It seems as though every few months our smartphones are getting smarter and smarter. The ability to provide immediate information, an instant connection, or even mobile banking has provided a convenience that leaves us wondering how we ever managed without it. Though the technology is ever advancing and making our lives innumerably better, the abundance of information in a phone makes it very difficult to secure data storage relating to our personal information.
Most of us go through our daily routine without a thought of who might be watching. Whether we’re going to work, school, lunch, the gym, or coffee, we most likely have a smartphone with us that is quietly tracking our movements.
Who is Tracking Your Movements?
A recent report conducted by researchers at MIT released in the Journal Scientific Reports says just that; our patterns and movements are all being reported by our smartphone’s GPS location services. With just so much as this anonymous location data, someone could easily figure out who you are, where you go, and when you go there.
Although it doesn’t appear yet that the data storage has been used maliciously, it is still an invasion of privacy. Increasingly, the makers of mobile applications and programs are opening up systems to broadcast ‘anonymous’ information in order to allow advertisers and developers alike, to better target a specific market. Apple’s iPhone comes with a statement declaring mobile data is used and shared with ‘partners,’ and ‘licensees.’
A special feature of most smartphones uses the GPS beacon to determine your location and broadcasts it along with social media posts. A family recently discovered this when they posted a message on Facebook. The post, along with the message, posted the location of the phone notifying all that the family was abroad and not at home. Security experts say this is the kind of information that notifies thieves that you are not home nor will be home for some time.
Invasion of Privacy
With the GPS location service ‘on,’ smartphones will attach location information to social media posts, photo’s, and even automatically update some applications. This feature is known as ‘Geo-Tagging,’ and might pose a severe risk to your privacy. Smartphones will automatically add information that may be invisible to you, but will be added to photos once uploaded to social media sites.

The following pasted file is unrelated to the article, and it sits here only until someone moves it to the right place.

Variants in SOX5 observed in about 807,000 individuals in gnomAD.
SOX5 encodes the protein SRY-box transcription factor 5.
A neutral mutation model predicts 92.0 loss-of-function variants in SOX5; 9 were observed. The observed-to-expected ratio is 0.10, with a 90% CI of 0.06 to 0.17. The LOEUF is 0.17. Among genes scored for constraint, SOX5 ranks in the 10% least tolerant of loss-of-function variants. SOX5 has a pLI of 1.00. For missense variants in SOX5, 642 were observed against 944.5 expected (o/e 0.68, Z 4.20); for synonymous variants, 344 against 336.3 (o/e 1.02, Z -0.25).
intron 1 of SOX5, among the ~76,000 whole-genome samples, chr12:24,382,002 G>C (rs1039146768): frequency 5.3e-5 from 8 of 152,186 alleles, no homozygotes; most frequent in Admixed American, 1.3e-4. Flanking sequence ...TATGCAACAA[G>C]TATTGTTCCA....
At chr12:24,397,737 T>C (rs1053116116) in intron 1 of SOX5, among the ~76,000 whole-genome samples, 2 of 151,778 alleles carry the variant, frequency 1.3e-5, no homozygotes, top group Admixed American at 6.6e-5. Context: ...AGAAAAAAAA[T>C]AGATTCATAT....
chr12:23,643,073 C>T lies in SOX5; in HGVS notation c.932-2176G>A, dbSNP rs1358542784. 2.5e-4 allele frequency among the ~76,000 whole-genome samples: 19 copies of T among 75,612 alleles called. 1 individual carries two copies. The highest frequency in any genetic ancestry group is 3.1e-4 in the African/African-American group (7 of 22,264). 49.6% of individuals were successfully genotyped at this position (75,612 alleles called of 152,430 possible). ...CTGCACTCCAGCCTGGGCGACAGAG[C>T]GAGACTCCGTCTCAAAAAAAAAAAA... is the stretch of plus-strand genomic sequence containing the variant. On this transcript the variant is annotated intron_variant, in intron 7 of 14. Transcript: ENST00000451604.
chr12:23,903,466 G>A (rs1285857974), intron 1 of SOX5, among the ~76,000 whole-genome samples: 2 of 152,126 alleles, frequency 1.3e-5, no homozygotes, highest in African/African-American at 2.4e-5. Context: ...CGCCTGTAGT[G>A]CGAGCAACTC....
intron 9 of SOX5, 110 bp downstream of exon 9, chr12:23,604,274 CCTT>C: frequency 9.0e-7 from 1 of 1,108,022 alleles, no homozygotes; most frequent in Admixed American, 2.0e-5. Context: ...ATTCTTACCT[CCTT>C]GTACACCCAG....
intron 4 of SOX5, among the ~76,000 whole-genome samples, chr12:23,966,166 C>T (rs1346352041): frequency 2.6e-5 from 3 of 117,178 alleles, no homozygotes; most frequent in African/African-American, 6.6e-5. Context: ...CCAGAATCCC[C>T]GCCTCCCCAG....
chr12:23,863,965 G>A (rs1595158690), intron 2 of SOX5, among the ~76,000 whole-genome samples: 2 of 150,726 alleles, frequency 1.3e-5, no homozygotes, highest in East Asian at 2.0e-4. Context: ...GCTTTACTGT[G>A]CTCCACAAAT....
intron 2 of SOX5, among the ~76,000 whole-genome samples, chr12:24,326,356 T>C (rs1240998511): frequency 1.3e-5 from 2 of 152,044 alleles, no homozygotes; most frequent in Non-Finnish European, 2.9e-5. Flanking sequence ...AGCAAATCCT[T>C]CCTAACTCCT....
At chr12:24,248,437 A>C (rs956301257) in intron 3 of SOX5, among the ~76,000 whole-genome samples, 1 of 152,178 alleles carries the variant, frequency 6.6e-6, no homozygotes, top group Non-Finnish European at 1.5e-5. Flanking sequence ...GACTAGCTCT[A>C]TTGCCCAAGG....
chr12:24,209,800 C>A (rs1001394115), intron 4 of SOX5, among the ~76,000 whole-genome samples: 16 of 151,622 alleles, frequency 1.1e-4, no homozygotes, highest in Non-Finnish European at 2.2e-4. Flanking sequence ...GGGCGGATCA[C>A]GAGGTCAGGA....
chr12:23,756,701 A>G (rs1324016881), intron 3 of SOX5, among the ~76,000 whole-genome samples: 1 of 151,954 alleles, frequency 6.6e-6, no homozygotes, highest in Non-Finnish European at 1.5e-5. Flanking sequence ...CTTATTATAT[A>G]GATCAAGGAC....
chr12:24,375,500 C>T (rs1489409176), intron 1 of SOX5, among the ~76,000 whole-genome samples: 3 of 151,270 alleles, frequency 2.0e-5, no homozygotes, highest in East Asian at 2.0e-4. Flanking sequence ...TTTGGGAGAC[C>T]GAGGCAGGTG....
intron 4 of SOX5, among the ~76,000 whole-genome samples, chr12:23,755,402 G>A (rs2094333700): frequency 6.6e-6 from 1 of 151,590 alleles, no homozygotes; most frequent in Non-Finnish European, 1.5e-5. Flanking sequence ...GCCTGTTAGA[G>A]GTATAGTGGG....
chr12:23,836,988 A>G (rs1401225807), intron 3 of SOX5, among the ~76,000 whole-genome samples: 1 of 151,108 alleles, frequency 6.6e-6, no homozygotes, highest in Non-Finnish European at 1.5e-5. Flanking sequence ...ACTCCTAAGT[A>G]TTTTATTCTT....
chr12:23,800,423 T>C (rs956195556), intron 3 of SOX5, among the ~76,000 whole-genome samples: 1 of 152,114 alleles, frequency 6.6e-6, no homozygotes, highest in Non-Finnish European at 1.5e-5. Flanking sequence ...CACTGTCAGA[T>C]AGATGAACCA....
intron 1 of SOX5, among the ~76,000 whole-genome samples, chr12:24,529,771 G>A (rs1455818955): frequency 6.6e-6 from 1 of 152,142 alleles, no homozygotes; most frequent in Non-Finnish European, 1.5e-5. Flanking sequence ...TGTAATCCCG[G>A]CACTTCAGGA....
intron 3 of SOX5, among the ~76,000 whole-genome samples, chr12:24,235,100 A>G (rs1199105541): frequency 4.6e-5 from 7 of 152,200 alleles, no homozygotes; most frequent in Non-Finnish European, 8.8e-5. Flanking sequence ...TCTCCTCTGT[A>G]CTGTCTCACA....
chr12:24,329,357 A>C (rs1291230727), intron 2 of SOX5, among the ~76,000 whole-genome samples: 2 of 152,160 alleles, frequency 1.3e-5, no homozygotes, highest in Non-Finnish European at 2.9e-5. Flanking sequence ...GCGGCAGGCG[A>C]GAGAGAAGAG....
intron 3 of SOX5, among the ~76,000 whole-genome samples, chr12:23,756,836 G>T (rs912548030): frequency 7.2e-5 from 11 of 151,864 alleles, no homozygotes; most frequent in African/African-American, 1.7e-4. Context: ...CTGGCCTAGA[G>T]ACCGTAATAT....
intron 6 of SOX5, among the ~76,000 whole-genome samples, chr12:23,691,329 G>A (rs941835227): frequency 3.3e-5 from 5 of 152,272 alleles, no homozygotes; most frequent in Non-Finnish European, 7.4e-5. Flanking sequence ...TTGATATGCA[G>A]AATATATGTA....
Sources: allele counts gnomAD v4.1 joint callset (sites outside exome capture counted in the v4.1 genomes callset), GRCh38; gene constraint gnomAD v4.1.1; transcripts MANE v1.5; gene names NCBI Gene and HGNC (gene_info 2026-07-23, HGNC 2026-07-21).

Privacy advocates are not amused. The Electronic Frontier Foundation (EFF) says, “The government claims that cell phone users give up their privacy rights because they have voluntarily disclosed their physical location to the cell phone providers every time a phone connects to the provider’s cell tower, however, this theory undermines privacy in nearly any networked communication.”
Groups such as EFF says the direction we are heading is a society that lacks privacy, “These findings represent fundamental constraints to an individual’s privacy and have important implications for the design of frameworks and institutions dedicated to protect the privacy of individuals.”
What Can You Do?
In order to protect your privacy, DataShield recommends following these simple rules to keep your data storage secure in a world where everyone seems to be watching.
Turn off location sharing services: Turning off your smartphones GPS tracking system will disable location services. Social media applications will no longer save location data about photos, videos, and status updates.
Wait until you return from a vacation to post pictures: When you post pictures and status updates of your vacation, you are advertising to the world that you are not home. This is a juicy invitation to thieves, “Hey, we are not home right now!”
Inform your kids of the dangers of sharing information on social media: Teach your kids about the information that shouldn’t be shared on social media websites, locations, habits, party’s etc. Any one piece of information by itself may not be harmful, but add it all together and someone could have just enough to determine where you are, who you are with, or where you will be.
For more tips on ensuring your privacy, please give us a call at 402.898.5000.